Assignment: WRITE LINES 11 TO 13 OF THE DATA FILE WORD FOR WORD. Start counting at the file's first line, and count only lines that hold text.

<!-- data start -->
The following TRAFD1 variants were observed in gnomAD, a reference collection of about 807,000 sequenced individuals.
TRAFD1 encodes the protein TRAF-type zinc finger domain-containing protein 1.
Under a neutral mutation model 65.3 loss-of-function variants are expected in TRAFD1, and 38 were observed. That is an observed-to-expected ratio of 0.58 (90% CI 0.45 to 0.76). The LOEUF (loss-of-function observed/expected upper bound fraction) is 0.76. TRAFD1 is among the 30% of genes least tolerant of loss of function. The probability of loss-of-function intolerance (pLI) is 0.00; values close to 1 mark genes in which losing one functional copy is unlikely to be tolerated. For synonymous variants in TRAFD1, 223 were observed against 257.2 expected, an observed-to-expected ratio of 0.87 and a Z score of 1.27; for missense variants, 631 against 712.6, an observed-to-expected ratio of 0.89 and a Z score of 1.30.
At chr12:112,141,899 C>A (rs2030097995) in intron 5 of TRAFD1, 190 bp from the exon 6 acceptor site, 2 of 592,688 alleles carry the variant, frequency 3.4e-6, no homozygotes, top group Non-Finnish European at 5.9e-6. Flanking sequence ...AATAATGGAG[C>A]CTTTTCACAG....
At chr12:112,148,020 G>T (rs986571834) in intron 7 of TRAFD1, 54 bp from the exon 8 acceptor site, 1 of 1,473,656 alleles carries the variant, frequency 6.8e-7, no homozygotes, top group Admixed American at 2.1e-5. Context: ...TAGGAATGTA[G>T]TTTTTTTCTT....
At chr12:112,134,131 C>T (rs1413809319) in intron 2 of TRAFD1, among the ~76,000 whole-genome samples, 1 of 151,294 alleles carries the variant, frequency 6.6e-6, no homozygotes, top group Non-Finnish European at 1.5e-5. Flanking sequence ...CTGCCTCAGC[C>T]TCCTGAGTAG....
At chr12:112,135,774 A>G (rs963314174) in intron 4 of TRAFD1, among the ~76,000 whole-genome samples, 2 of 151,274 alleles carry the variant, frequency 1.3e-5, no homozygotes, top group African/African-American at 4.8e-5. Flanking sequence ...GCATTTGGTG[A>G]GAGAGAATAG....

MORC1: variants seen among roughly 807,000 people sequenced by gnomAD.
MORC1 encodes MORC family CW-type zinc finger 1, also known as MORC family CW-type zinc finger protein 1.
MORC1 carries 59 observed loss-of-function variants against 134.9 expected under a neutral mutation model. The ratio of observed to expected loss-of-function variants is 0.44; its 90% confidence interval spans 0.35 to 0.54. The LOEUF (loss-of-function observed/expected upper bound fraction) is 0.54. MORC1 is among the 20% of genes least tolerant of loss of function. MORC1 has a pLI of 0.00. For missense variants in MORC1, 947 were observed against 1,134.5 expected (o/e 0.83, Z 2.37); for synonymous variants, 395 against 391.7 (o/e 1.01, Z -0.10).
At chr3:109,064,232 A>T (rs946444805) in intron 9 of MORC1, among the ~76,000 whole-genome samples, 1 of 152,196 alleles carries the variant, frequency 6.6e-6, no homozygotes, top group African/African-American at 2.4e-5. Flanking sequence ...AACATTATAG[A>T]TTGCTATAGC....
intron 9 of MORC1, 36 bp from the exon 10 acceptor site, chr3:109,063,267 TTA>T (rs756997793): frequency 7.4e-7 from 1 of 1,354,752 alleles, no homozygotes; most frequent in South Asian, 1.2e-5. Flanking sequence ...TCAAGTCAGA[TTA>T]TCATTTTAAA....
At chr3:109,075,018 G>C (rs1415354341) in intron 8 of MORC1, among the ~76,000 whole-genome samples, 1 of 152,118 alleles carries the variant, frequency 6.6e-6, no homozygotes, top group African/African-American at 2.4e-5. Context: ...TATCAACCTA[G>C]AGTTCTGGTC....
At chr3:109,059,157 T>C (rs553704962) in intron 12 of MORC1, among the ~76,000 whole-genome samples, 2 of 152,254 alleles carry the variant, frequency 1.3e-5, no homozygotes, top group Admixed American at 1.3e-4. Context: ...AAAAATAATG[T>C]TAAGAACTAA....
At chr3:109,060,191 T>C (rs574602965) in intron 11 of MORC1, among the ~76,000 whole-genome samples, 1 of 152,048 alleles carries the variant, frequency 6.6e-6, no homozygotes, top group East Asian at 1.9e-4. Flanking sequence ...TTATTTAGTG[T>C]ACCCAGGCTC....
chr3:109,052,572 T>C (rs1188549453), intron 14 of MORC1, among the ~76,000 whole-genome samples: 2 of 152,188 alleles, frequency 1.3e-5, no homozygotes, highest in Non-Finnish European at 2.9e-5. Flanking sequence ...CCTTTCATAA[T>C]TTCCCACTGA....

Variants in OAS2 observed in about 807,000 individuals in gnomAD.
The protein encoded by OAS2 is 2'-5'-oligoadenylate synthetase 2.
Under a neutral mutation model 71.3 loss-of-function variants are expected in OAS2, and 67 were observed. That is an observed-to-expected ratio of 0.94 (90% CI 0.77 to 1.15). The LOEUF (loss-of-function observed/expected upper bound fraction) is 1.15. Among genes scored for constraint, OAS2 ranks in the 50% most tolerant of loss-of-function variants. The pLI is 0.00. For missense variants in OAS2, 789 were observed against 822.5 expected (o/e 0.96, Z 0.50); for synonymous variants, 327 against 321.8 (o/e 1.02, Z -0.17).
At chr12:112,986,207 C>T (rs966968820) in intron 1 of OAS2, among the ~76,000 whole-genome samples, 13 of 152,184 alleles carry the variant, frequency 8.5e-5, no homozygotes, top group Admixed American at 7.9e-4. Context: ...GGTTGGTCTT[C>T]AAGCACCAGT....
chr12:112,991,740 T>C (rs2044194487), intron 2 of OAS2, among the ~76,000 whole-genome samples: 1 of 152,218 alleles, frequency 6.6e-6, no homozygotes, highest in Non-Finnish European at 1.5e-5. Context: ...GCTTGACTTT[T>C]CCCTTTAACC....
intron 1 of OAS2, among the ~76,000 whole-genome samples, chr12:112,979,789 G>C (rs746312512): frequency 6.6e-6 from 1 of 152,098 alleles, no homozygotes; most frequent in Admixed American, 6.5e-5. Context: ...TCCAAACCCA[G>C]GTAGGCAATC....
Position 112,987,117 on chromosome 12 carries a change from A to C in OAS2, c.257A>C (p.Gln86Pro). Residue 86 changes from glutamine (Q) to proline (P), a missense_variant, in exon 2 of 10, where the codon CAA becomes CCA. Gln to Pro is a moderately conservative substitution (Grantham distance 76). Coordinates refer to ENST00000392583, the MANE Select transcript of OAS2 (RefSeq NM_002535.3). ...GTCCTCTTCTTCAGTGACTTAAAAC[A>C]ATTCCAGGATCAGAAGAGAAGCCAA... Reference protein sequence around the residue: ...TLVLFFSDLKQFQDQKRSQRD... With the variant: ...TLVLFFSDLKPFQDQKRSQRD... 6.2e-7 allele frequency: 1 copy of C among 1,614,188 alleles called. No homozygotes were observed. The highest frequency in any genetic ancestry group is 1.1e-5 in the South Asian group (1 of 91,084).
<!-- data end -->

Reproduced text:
At chr3:109,064,232 A>T (rs946444805) in intron 9 of MORC1, among the ~76,000 whole-genome samples, 1 of 152,196 alleles carries the variant, frequency 6.6e-6, no homozygotes, top group African/African-American at 2.4e-5. Flanking sequence ...AACATTATAG[A>T]TTGCTATAGC....
intron 9 of MORC1, 36 bp from the exon 10 acceptor site, chr3:109,063,267 TTA>T (rs756997793): frequency 7.4e-7 from 1 of 1,354,752 alleles, no homozygotes; most frequent in South Asian, 1.2e-5. Flanking sequence ...TCAAGTCAGA[TTA>T]TCATTTTAAA....
At chr3:109,075,018 G>C (rs1415354341) in intron 8 of MORC1, among the ~76,000 whole-genome samples, 1 of 152,118 alleles carries the variant, frequency 6.6e-6, no homozygotes, top group African/African-American at 2.4e-5. Context: ...TATCAACCTA[G>C]AGTTCTGGTC....